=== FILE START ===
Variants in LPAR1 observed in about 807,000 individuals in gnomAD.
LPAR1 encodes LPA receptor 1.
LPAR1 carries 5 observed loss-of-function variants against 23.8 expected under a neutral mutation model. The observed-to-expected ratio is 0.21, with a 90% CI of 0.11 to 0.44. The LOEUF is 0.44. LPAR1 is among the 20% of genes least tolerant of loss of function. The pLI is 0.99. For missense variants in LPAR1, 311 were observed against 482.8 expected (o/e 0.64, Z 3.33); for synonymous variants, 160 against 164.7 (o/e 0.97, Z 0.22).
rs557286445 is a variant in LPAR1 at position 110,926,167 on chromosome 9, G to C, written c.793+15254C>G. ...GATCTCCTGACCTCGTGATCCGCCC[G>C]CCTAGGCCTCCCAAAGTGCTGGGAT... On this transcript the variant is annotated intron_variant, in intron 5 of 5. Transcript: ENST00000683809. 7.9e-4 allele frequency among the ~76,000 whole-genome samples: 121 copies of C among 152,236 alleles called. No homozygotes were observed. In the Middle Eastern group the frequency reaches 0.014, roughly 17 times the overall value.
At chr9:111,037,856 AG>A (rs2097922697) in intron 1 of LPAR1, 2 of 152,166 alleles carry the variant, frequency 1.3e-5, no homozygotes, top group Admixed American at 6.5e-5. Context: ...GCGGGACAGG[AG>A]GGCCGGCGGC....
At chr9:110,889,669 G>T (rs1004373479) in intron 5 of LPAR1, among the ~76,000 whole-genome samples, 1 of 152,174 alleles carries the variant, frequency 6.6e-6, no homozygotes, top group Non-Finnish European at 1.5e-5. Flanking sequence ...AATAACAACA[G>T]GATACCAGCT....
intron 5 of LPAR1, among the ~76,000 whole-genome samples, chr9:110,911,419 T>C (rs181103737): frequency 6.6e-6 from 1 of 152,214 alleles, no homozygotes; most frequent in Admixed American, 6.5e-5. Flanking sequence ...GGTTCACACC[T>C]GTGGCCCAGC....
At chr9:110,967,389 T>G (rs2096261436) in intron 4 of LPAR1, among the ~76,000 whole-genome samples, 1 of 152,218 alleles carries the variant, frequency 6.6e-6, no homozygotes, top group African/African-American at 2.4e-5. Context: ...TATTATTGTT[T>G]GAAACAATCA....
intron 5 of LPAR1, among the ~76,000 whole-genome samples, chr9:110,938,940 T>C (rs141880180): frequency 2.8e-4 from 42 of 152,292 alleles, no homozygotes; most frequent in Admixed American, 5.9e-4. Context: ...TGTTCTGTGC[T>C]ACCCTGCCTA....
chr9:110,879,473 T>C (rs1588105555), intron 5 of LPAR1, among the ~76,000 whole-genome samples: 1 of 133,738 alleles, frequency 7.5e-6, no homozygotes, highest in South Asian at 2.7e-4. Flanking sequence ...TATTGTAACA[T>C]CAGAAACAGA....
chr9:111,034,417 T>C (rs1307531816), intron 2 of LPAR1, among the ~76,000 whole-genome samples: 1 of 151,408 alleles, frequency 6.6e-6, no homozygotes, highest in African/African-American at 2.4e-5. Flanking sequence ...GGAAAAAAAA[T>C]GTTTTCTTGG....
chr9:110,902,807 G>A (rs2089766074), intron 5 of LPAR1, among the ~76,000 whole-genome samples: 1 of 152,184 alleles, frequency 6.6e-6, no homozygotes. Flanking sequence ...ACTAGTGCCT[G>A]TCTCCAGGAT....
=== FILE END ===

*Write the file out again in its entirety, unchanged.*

Variants in LPAR1 observed in about 807,000 individuals in gnomAD.
LPAR1 encodes LPA receptor 1.
LPAR1 carries 5 observed loss-of-function variants against 23.8 expected under a neutral mutation model. The observed-to-expected ratio is 0.21, with a 90% CI of 0.11 to 0.44. The LOEUF is 0.44. LPAR1 is among the 20% of genes least tolerant of loss of function. The pLI is 0.99. For missense variants in LPAR1, 311 were observed against 482.8 expected (o/e 0.64, Z 3.33); for synonymous variants, 160 against 164.7 (o/e 0.97, Z 0.22).
rs557286445 is a variant in LPAR1 at position 110,926,167 on chromosome 9, G to C, written c.793+15254C>G. ...GATCTCCTGACCTCGTGATCCGCCC[G>C]CCTAGGCCTCCCAAAGTGCTGGGAT... On this transcript the variant is annotated intron_variant, in intron 5 of 5. Transcript: ENST00000683809. 7.9e-4 allele frequency among the ~76,000 whole-genome samples: 121 copies of C among 152,236 alleles called. No homozygotes were observed. In the Middle Eastern group the frequency reaches 0.014, roughly 17 times the overall value.
At chr9:111,037,856 AG>A (rs2097922697) in intron 1 of LPAR1, 2 of 152,166 alleles carry the variant, frequency 1.3e-5, no homozygotes, top group Admixed American at 6.5e-5. Context: ...GCGGGACAGG[AG>A]GGCCGGCGGC....
At chr9:110,889,669 G>T (rs1004373479) in intron 5 of LPAR1, among the ~76,000 whole-genome samples, 1 of 152,174 alleles carries the variant, frequency 6.6e-6, no homozygotes, top group Non-Finnish European at 1.5e-5. Flanking sequence ...AATAACAACA[G>T]GATACCAGCT....
intron 5 of LPAR1, among the ~76,000 whole-genome samples, chr9:110,911,419 T>C (rs181103737): frequency 6.6e-6 from 1 of 152,214 alleles, no homozygotes; most frequent in Admixed American, 6.5e-5. Flanking sequence ...GGTTCACACC[T>C]GTGGCCCAGC....
At chr9:110,967,389 T>G (rs2096261436) in intron 4 of LPAR1, among the ~76,000 whole-genome samples, 1 of 152,218 alleles carries the variant, frequency 6.6e-6, no homozygotes, top group African/African-American at 2.4e-5. Context: ...TATTATTGTT[T>G]GAAACAATCA....
intron 5 of LPAR1, among the ~76,000 whole-genome samples, chr9:110,938,940 T>C (rs141880180): frequency 2.8e-4 from 42 of 152,292 alleles, no homozygotes; most frequent in Admixed American, 5.9e-4. Context: ...TGTTCTGTGC[T>C]ACCCTGCCTA....
chr9:110,879,473 T>C (rs1588105555), intron 5 of LPAR1, among the ~76,000 whole-genome samples: 1 of 133,738 alleles, frequency 7.5e-6, no homozygotes, highest in South Asian at 2.7e-4. Flanking sequence ...TATTGTAACA[T>C]CAGAAACAGA....
chr9:111,034,417 T>C (rs1307531816), intron 2 of LPAR1, among the ~76,000 whole-genome samples: 1 of 151,408 alleles, frequency 6.6e-6, no homozygotes, highest in African/African-American at 2.4e-5. Flanking sequence ...GGAAAAAAAA[T>C]GTTTTCTTGG....
chr9:110,902,807 G>A (rs2089766074), intron 5 of LPAR1, among the ~76,000 whole-genome samples: 1 of 152,184 alleles, frequency 6.6e-6, no homozygotes. Flanking sequence ...ACTAGTGCCT[G>A]TCTCCAGGAT....